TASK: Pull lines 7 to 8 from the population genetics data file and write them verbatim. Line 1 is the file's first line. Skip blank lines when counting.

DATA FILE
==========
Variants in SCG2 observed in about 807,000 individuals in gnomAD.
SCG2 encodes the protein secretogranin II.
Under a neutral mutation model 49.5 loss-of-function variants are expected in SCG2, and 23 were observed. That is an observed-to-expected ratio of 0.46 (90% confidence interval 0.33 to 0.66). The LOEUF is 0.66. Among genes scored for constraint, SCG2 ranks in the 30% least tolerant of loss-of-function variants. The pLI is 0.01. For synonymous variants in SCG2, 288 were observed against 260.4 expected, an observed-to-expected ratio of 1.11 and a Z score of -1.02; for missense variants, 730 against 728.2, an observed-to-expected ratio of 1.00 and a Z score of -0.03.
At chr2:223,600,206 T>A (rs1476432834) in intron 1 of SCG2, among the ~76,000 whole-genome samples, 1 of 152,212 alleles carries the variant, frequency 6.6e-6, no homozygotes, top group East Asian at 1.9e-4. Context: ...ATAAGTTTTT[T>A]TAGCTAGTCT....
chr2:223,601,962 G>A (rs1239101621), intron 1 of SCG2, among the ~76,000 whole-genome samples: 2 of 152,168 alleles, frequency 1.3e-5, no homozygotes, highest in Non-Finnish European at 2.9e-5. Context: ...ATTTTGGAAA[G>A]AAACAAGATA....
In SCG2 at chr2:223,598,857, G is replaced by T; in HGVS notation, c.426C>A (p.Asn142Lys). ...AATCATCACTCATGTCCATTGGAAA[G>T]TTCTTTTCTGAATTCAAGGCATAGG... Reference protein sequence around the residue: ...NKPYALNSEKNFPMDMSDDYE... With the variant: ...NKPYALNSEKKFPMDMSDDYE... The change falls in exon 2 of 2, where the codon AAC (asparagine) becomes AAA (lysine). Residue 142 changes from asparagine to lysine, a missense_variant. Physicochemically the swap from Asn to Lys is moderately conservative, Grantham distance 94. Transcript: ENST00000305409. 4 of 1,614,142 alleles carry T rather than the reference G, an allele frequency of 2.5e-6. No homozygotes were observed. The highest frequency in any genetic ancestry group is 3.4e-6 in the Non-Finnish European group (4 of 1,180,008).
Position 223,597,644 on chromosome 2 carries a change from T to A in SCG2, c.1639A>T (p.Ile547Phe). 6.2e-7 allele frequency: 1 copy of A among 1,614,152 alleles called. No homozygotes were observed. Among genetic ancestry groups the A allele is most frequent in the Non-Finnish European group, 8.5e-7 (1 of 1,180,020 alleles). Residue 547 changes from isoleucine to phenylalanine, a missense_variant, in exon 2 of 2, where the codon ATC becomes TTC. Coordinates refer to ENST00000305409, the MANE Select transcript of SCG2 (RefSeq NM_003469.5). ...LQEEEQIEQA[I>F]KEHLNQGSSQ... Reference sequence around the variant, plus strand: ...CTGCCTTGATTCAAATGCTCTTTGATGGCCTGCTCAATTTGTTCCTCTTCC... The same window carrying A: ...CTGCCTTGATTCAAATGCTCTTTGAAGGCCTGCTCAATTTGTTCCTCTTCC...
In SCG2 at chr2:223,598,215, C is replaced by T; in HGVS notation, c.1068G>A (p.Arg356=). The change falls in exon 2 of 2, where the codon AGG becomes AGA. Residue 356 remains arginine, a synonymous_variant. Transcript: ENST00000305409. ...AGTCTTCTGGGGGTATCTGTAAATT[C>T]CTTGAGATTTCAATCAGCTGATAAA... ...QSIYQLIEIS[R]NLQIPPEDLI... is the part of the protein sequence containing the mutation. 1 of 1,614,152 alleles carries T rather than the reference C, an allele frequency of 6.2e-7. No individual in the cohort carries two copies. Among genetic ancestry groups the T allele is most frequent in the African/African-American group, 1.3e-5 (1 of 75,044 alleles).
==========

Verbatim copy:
Position 223,597,644 on chromosome 2 carries a change from T to A in SCG2, c.1639A>T (p.Ile547Phe). 6.2e-7 allele frequency: 1 copy of A among 1,614,152 alleles called. No homozygotes were observed. Among genetic ancestry groups the A allele is most frequent in the Non-Finnish European group, 8.5e-7 (1 of 1,180,020 alleles). Residue 547 changes from isoleucine to phenylalanine, a missense_variant, in exon 2 of 2, where the codon ATC becomes TTC. Coordinates refer to ENST00000305409, the MANE Select transcript of SCG2 (RefSeq NM_003469.5). ...LQEEEQIEQA[I>F]KEHLNQGSSQ... Reference sequence around the variant, plus strand: ...CTGCCTTGATTCAAATGCTCTTTGATGGCCTGCTCAATTTGTTCCTCTTCC... The same window carrying A: ...CTGCCTTGATTCAAATGCTCTTTGAAGGCCTGCTCAATTTGTTCCTCTTCC...
In SCG2 at chr2:223,598,215, C is replaced by T; in HGVS notation, c.1068G>A (p.Arg356=). The change falls in exon 2 of 2, where the codon AGG becomes AGA. Residue 356 remains arginine, a synonymous_variant. Transcript: ENST00000305409. ...AGTCTTCTGGGGGTATCTGTAAATT[C>T]CTTGAGATTTCAATCAGCTGATAAA... ...QSIYQLIEIS[R]NLQIPPEDLI... is the part of the protein sequence containing the mutation. 1 of 1,614,152 alleles carries T rather than the reference C, an allele frequency of 6.2e-7. No individual in the cohort carries two copies. Among genetic ancestry groups the T allele is most frequent in the African/African-American group, 1.3e-5 (1 of 75,044 alleles).